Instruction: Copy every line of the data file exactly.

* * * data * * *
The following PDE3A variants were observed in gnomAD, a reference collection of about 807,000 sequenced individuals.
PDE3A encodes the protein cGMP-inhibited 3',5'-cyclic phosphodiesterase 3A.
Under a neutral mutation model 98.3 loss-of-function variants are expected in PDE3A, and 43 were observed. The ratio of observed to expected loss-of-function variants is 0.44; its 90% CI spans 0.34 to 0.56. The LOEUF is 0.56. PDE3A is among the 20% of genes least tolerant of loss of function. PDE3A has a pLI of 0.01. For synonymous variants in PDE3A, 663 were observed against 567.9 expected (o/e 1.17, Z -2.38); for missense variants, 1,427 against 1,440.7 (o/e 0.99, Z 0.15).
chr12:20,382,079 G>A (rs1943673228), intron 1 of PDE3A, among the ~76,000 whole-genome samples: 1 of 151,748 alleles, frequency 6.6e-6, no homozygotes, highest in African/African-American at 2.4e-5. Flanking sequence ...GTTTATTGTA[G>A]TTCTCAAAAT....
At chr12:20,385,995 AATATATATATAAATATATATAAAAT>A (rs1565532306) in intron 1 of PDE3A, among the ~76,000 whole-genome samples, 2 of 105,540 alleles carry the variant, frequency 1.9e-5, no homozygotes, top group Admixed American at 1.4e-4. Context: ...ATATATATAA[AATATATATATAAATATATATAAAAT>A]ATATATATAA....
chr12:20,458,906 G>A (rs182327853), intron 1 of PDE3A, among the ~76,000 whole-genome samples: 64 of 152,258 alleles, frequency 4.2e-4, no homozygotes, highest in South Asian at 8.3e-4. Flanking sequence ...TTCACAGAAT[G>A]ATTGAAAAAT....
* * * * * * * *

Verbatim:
The following PDE3A variants were observed in gnomAD, a reference collection of about 807,000 sequenced individuals.
PDE3A encodes the protein cGMP-inhibited 3',5'-cyclic phosphodiesterase 3A.
Under a neutral mutation model 98.3 loss-of-function variants are expected in PDE3A, and 43 were observed. The ratio of observed to expected loss-of-function variants is 0.44; its 90% CI spans 0.34 to 0.56. The LOEUF is 0.56. PDE3A is among the 20% of genes least tolerant of loss of function. PDE3A has a pLI of 0.01. For synonymous variants in PDE3A, 663 were observed against 567.9 expected (o/e 1.17, Z -2.38); for missense variants, 1,427 against 1,440.7 (o/e 0.99, Z 0.15).
chr12:20,382,079 G>A (rs1943673228), intron 1 of PDE3A, among the ~76,000 whole-genome samples: 1 of 151,748 alleles, frequency 6.6e-6, no homozygotes, highest in African/African-American at 2.4e-5. Flanking sequence ...GTTTATTGTA[G>A]TTCTCAAAAT....
At chr12:20,385,995 AATATATATATAAATATATATAAAAT>A (rs1565532306) in intron 1 of PDE3A, among the ~76,000 whole-genome samples, 2 of 105,540 alleles carry the variant, frequency 1.9e-5, no homozygotes, top group Admixed American at 1.4e-4. Context: ...ATATATATAA[AATATATATATAAATATATATAAAAT>A]ATATATATAA....
chr12:20,458,906 G>A (rs182327853), intron 1 of PDE3A, among the ~76,000 whole-genome samples: 64 of 152,258 alleles, frequency 4.2e-4, no homozygotes, highest in South Asian at 8.3e-4. Flanking sequence ...TTCACAGAAT[G>A]ATTGAAAAAT....